High incidence of pain common 1 year following TKA
Patients who underwent total knee arthroplasty experienced a high incidence of pain at 1 year postoperatively, according to recently published study results.
“The quality of the results, hip vs. knee, is different and we still have not answered all the questions in knee replacement surgery as to why the outcomes in knee replacement surgery are not as good,” Surgeon-in-Chief Emeritus at the Hospital for Special Surgery, Thomas P. Sculco, MD, told Orthopedics Today. “There is a population ... that does less well and so the surgeon [should] advise the patients where the results may potentially not be as good.”
Sculco and his colleagues identified 272 patients who underwent primary total knee arthroplasty (TKA) from October 2006 to August 2008 with a minimum 1-year follow-up. The prevalence of persistent pain was the primary outcome measure, and researchers evaluated postoperative pain using the 10-point VAS score. All patients completed a SF-36 questionnaire to identify persistent postoperative pain.
Overall, 39.34% of patients reported persistent knee pain with a median average pain score of 3. Women, patients with increased preoperative posterior femoral offset, patients who needed a greater amount of correction in the anatomical axis of the knee, had an everted patella during the procedure, a thicker polyethylene insert and use of a more constrained implant were found to experience worse SF-36 scores.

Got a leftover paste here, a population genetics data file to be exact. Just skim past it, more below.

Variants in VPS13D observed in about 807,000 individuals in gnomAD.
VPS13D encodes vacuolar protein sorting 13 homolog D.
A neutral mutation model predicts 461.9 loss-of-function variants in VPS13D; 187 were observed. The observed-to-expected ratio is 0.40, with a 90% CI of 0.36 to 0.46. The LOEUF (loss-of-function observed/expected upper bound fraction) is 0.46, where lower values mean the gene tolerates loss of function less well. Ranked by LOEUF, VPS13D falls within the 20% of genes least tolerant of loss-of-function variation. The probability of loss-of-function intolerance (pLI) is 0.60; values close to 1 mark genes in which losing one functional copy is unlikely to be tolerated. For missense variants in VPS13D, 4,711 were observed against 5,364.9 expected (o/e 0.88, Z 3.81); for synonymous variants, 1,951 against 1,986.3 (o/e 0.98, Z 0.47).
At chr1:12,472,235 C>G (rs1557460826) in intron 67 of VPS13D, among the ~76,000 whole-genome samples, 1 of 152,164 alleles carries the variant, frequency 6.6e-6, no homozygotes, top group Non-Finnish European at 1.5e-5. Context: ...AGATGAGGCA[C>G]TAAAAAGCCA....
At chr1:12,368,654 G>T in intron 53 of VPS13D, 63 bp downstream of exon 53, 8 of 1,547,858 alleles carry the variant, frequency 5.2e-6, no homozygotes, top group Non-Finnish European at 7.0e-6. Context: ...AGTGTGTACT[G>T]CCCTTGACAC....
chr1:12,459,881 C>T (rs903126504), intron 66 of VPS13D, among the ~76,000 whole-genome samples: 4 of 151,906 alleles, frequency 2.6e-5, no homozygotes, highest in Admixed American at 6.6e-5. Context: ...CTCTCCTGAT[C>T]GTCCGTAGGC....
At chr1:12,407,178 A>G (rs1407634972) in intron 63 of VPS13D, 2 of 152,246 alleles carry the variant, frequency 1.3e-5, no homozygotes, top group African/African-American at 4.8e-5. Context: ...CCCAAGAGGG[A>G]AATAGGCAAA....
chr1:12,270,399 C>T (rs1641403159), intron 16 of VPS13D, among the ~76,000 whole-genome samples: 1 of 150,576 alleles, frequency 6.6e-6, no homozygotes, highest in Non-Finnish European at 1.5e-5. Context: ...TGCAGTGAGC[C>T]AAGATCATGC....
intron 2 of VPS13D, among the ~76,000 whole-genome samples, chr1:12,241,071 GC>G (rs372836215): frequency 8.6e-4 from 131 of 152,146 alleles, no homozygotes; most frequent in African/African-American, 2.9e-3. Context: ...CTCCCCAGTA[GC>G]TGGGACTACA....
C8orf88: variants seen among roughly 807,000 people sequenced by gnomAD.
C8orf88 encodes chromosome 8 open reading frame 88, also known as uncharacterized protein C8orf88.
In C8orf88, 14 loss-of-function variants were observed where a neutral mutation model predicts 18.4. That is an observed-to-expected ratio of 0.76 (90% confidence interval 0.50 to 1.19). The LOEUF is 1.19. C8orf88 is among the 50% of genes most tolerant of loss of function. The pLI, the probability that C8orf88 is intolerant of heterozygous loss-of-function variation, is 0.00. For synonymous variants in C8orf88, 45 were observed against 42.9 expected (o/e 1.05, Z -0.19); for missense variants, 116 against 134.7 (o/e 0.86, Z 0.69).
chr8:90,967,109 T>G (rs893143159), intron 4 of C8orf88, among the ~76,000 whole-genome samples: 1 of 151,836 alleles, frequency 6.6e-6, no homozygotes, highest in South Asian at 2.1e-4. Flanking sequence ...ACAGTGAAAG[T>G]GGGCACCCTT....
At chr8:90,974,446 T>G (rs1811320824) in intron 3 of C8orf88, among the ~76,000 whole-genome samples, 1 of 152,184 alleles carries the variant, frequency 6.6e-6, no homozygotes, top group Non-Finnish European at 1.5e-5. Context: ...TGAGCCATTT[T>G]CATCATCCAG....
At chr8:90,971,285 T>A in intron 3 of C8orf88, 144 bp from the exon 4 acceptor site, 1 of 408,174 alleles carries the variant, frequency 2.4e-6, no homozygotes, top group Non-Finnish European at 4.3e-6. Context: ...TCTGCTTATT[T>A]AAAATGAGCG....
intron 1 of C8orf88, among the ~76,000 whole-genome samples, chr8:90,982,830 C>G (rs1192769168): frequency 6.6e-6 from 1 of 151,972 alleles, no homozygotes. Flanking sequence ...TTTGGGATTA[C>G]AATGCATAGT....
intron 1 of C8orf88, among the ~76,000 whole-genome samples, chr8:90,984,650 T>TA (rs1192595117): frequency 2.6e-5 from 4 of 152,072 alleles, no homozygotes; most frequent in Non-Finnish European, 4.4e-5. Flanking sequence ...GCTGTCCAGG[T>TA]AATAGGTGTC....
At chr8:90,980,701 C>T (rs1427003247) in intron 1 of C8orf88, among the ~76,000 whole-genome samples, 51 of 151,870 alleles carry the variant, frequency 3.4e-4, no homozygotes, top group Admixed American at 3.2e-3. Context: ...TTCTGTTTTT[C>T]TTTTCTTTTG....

Chronic pain was significantly associated with the presence of antalgic gait preoperatively, patellofemoral joint overstuffing and the amount of correction in the coronal plane, according to univariate logistic regression analysis. Researchers also found length of the operative procedure, presence of preoperative flexion contracture and patellofemoral joint overstuffing were independent risk factors for persistent pain.
“[All] of us who do knee replacement surgery [are] working hard to make the outcomes better than they are and we recognize we have some work to do going forward, both in our research, our technique and identification of patients who do not do well,” Sculco said.
Identifying high-risk patients
Sculco noted the Knee Society is working on determining which patients are at higher risk to develop scarring and stiffness around the knee after TKA. By identifying these patients, surgeons could modify their surgical technique and how patients are treated postoperatively.
“I think that the ideal would be if we had a marker,” Sculco said. “You could draw blood on a patient, and if there was a serum marker or you could genetically profile the patient and identify this patient is at higher risk to have problems with stiffness or persistent pain afterwards. That is the goal and that is certainly what we are working on for the future.” – by Casey Tingle
- Sakellarious VI, et al. Orthopedics. 2016;doi:10.3928/01477447-20151228-06.
- For more information:
- Thomas P. Sculco, MD, can be reached at Hospital for Special Surgery, 525 East 71st St., 2nd Fl., New York, NY 10021; email: firstname.lastname@example.org.
Disclosure: Sculco reports he receives royalties from Exactech.